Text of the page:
WASHINGTON, D.C. – June 19, 2014 – (RealEstateRama) — On the heels of consecutive months of decreasing demand for design services, the Architecture Billings Index (ABI) has returned to positive territory. As a leading economic indicator of construction activity, the ABI reflects the approximate nine to twelve month lead time between architecture billings and construction spending. The American Institute of Architects (AIA) reported the May ABI score was 52.6, up sharply from a mark of 49.6 in April. This score reflects an increase in design activity (any score above 50 indicates an increase in billings). The new projects inquiry index was 63.2, up from the reading of 59.1 the previous month.
The AIA has added a new indicator measuring the trends in new design contracts at architecture firms that can provide a strong signal of the direction of future architecture billings. The score for design contracts in May was 52.5.
“Volatility continues to be the watchword in the design and construction markets, with firms in some regions of the country, and serving some sectors of the industry, reporting strong growth, while others are indicating continued weakness,” said AIA Chief Economist Kermit Baker, Hon. AIA, PhD. “However, overall, it appears that activity has recovered from the winter slump, and design professions should see more positive than negative numbers in the coming months.”
Key May ABI highlights:
• Regional averages: South (58.1), Midwest (51.3), Northeast (47.6) , West (46.9)
• Sector index breakdown: multi-family residential (58.2), commercial / industrial (53.6), mixed practice (50.4), institutional (47.3)
• Project inquiries index: 63.2
• Design contracts index: 52.5
The regional and sector categories are calculated as a 3-month moving average, whereas the national index, design contracts and inquiries are monthly numbers.
About the AIA Architecture Billings Index
The Architecture Billings Index (ABI), produced by the AIA Economics & Market Research Group, is a leading economic indicator that provides an approximately nine to twelve month glimpse into the future of nonresidential construction spending activity. The diffusion indexes contained in the full report are derived from a monthly “Work-on-the-Boards” survey that is sent to a panel of AIA member-owned firms. Participants are asked whether their billings increased, decreased, or stayed the same in the month that just ended as compared to the prior month, and the results are then compiled into the ABI. These monthly results are also seasonally adjusted to allow for comparison to prior months. The monthly ABI index scores are centered around 50, with scores above 50 indicating an aggregate increase in billings, and scores below 50 indicating a decline. The regional and sector data are formulated using a three-month moving average. More information on the ABI and the analysis of its relationship to construction activity can be found in the recently released White Paper, Designing the Construction Future: Reviewing the Performance and Extending the Applications of the AIA’s Architecture Billings Index on the AIA web site.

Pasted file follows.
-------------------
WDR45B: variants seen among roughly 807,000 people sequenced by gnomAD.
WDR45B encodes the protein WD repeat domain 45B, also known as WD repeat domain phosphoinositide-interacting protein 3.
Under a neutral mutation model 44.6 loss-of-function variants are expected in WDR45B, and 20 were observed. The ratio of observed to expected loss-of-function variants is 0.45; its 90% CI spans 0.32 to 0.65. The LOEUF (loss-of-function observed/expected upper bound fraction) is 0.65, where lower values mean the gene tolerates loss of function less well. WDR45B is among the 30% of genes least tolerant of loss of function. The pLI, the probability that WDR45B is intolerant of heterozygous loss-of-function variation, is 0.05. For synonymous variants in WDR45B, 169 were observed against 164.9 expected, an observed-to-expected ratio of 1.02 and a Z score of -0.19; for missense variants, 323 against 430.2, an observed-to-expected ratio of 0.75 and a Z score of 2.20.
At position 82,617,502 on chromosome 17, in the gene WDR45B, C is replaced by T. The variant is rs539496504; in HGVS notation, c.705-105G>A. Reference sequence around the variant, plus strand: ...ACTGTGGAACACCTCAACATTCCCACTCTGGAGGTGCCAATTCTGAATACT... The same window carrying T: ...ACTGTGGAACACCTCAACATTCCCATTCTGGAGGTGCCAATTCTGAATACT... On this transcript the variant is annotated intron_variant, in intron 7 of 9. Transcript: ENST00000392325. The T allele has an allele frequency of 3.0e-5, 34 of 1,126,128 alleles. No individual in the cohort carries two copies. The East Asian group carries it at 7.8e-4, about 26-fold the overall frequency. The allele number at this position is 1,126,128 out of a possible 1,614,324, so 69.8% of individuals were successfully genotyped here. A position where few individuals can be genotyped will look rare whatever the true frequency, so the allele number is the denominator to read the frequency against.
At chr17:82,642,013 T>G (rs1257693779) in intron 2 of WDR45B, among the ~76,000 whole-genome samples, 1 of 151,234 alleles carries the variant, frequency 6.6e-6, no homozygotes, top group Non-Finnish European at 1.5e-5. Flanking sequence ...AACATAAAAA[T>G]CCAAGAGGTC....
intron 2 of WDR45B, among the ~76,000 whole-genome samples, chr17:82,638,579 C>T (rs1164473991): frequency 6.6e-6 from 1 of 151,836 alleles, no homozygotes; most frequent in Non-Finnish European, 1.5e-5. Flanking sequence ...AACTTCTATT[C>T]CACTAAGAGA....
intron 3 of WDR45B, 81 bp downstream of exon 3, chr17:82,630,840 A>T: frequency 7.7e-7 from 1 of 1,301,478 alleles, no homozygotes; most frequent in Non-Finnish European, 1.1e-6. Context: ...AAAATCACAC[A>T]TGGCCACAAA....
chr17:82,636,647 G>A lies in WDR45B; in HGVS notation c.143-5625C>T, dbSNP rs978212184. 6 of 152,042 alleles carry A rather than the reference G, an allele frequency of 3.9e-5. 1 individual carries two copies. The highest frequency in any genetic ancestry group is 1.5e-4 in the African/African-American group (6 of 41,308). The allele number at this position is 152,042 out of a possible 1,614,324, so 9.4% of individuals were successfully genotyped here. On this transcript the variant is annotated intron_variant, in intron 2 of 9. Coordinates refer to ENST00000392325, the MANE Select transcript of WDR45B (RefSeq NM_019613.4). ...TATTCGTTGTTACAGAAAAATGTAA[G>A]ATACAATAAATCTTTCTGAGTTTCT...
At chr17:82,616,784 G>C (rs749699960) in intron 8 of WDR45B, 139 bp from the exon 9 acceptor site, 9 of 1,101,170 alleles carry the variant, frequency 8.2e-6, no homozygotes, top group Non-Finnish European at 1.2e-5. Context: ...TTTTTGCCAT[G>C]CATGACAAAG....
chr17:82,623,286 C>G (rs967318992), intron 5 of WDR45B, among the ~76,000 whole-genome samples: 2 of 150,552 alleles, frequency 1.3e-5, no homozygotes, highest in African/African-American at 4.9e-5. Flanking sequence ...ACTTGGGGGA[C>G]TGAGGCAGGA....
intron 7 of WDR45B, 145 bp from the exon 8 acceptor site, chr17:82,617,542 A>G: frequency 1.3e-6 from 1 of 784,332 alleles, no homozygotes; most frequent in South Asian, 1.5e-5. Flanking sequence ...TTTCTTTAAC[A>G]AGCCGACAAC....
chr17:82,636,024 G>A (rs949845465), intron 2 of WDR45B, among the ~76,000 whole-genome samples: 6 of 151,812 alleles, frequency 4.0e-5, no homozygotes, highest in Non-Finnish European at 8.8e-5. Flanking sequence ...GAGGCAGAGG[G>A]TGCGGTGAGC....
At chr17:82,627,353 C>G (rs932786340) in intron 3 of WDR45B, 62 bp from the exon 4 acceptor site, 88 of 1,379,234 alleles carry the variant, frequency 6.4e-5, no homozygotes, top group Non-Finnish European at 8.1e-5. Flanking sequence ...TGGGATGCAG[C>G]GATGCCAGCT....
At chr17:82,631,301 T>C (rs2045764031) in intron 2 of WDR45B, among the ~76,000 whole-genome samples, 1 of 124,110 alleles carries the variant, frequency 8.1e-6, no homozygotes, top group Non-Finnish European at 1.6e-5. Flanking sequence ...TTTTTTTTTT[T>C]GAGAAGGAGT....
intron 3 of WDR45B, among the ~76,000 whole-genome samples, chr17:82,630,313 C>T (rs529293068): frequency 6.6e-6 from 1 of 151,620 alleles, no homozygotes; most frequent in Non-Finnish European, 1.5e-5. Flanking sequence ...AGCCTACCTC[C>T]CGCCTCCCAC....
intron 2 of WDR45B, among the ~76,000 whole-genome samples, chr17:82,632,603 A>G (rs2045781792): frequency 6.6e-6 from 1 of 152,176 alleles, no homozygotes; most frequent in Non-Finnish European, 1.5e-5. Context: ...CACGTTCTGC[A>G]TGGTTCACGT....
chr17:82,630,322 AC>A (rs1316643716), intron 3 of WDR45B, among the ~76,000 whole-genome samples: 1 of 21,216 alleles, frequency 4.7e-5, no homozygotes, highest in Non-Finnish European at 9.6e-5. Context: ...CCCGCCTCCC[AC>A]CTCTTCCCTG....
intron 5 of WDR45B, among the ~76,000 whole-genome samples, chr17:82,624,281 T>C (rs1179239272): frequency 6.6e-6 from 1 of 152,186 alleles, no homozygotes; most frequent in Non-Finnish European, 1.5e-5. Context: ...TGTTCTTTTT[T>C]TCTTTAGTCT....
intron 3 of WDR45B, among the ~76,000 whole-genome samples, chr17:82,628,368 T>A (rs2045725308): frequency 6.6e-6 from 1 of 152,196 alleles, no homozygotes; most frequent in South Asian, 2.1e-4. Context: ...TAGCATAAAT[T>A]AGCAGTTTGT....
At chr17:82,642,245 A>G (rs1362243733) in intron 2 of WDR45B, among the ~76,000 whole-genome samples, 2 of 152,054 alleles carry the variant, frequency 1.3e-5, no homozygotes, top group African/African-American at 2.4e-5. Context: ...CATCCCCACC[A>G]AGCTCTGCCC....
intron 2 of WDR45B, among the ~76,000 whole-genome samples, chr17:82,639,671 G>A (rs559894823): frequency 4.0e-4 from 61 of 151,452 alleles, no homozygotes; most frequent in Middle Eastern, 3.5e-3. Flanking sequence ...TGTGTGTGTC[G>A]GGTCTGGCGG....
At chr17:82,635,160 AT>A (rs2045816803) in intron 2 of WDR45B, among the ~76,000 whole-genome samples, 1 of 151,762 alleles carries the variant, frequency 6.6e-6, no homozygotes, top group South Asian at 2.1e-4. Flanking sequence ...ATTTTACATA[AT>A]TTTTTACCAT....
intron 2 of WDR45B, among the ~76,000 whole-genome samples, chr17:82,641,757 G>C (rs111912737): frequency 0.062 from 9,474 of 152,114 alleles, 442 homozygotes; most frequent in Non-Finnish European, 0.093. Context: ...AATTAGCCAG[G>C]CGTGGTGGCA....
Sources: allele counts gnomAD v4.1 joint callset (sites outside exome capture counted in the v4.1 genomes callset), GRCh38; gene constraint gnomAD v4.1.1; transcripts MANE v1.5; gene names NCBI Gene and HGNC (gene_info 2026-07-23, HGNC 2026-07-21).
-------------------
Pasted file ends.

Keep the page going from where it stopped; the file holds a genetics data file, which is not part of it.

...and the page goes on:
About The American Institute of Architects
Founded in 1857, members of the American Institute of Architects consistently work to create more valuable, healthy, secure, and sustainable buildings, neighborhoods, and communities. Through nearly 300 state and local chapters, the AIA advocates for public policies that promote economic vitality and public well being. Members adhere to a code of ethics and conduct to ensure the highest professional standards. The AIA provides members with tools and resources to assist them in their careers and business as well as engaging civic and government leaders, and the public to find solutions to pressing issues facing our communities, institutions, nation and world. Visit www.aia.org.
Contact: Scott Frank